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Great Commission Resurgence emphasis flows through all sessionscomment (0)

June 24, 2010

The Great Commission Resurgence (GCR) is a “natural and spiritual outgrowth of the conservative resurgence,” Danny Akin told participants in the Southern Baptist Pastors Conference, held June 13–14.

Akin, a member of the GCR Task Force and president of Southeastern Baptist Theological Seminary in Wake Forest, N.C., was one of several speakers who either explicitly endorsed the recommendations of the task force or more subtly underscored their importance.

In the final Pastors Conference session, President Kevin Ezell introduced the members of the task force. The group’s chairman, Ronnie Floyd, pleaded with pastors to get firmly behind the measure. While this was the most overt GCR promotion, each session featured a GCR Challenge brought by a task force member.

Akin, who preached Monday afternoon, said, “The conservative resurgence was never just about affirming an inerrant Bible. It was also about getting an inerrant gospel to the nations so that they might be saved.”

Preaching from Hebrews 12, Akin outlined the elements needed and those that need to be discarded to run the Christian race well, whether as individuals, churches or denominations.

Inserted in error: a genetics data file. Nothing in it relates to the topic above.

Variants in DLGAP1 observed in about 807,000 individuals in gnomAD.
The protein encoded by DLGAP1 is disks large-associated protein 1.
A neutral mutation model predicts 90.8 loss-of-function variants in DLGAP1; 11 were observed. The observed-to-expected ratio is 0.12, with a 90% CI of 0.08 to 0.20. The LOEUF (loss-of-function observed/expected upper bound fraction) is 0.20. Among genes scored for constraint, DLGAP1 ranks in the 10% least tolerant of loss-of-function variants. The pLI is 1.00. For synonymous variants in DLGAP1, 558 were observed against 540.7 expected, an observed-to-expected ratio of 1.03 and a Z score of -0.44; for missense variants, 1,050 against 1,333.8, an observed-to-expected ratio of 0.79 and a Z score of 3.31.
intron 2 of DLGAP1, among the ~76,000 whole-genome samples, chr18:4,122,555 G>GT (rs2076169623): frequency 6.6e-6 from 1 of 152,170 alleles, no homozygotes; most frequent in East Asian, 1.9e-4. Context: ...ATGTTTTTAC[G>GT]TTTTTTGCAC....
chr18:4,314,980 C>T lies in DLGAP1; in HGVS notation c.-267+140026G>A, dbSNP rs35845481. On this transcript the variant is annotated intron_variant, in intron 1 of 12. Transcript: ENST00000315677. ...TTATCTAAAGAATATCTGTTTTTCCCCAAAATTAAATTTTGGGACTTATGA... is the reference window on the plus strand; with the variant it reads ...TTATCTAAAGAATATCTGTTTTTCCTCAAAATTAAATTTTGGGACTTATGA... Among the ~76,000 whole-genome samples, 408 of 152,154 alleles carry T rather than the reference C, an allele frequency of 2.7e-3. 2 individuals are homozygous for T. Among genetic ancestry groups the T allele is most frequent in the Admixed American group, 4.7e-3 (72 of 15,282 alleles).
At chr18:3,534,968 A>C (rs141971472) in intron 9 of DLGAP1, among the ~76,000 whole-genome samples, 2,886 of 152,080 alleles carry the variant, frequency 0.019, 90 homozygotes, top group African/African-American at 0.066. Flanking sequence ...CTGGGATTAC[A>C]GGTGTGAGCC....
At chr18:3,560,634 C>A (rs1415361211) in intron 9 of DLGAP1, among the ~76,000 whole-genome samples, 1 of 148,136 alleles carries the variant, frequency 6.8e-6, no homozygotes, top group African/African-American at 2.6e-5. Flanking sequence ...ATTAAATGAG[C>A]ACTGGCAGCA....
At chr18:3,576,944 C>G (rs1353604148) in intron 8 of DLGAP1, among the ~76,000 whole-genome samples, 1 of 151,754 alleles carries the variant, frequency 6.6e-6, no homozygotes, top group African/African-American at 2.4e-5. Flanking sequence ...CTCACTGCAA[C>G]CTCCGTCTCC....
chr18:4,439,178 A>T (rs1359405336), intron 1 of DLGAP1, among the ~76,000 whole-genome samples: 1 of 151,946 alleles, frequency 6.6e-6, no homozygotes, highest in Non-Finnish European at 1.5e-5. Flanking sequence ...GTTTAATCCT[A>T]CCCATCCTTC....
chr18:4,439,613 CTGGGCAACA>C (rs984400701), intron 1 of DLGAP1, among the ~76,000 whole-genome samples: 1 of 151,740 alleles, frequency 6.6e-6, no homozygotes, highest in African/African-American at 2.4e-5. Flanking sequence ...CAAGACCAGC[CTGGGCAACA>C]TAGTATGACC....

“We must guide our people to run in faith unhindered the race God has put before us,” he said. To run with endurance means staying focused on Jesus, Akin said.

Staying focused only on the essentials means “getting rid of any excess baggage, anything that can weigh you down, even in the denomination.”

“Pride can become a weight about what we’ve done in the past and who we think we are today,” Akin said.

“Territorialism can be a weight. God forgive us if we are territorial … if we don’t see the whole world as our missions field,” he said.

While weights can be sinful things, they can also be good things that become bad, such as the Cooperative Program (CP), Akin told pastors. “You take a good thing like the CP and turn it into a god thing and it will be a bad thing.”

Floyd, senior pastor of First Baptist Church, Springdale, Ark., and The Church at Pinnacle Hills, Rogers, Ark., echoed Akin in linking the GCR to the conservative resurgence, a movement he said was bolstered by the Pastors Conference.

“Historically the Pastors Conference has played a major directional role in SBC (Southern Baptist Convention) life,” he said. “In recent days, I’ve developed an overwhelming appreciation for the men that have fought for the infallibility of Scripture. “Where are the leaders for the GCR?” he asked. “It appears we are more into playing it safe than risking it all [and] more committed to keeping our reputations than shouting that we are willing” to proclaim the gospel to the nations. “We have won the battle over liberalism, but we are losing the fight over lostness,” he charged.

In a reference to the GCR presentation, Floyd said, “Tomorrow is an urgent hour; people are lost and dying, and their eternal destiny is hell. Tomorrow is a day about change.

“Will you rise up and will we be the generation that will do all we can and give all we have to extend the gospel of Jesus Christ to the ends of the earth and present the gospel and make disciples of all nations?” he asked.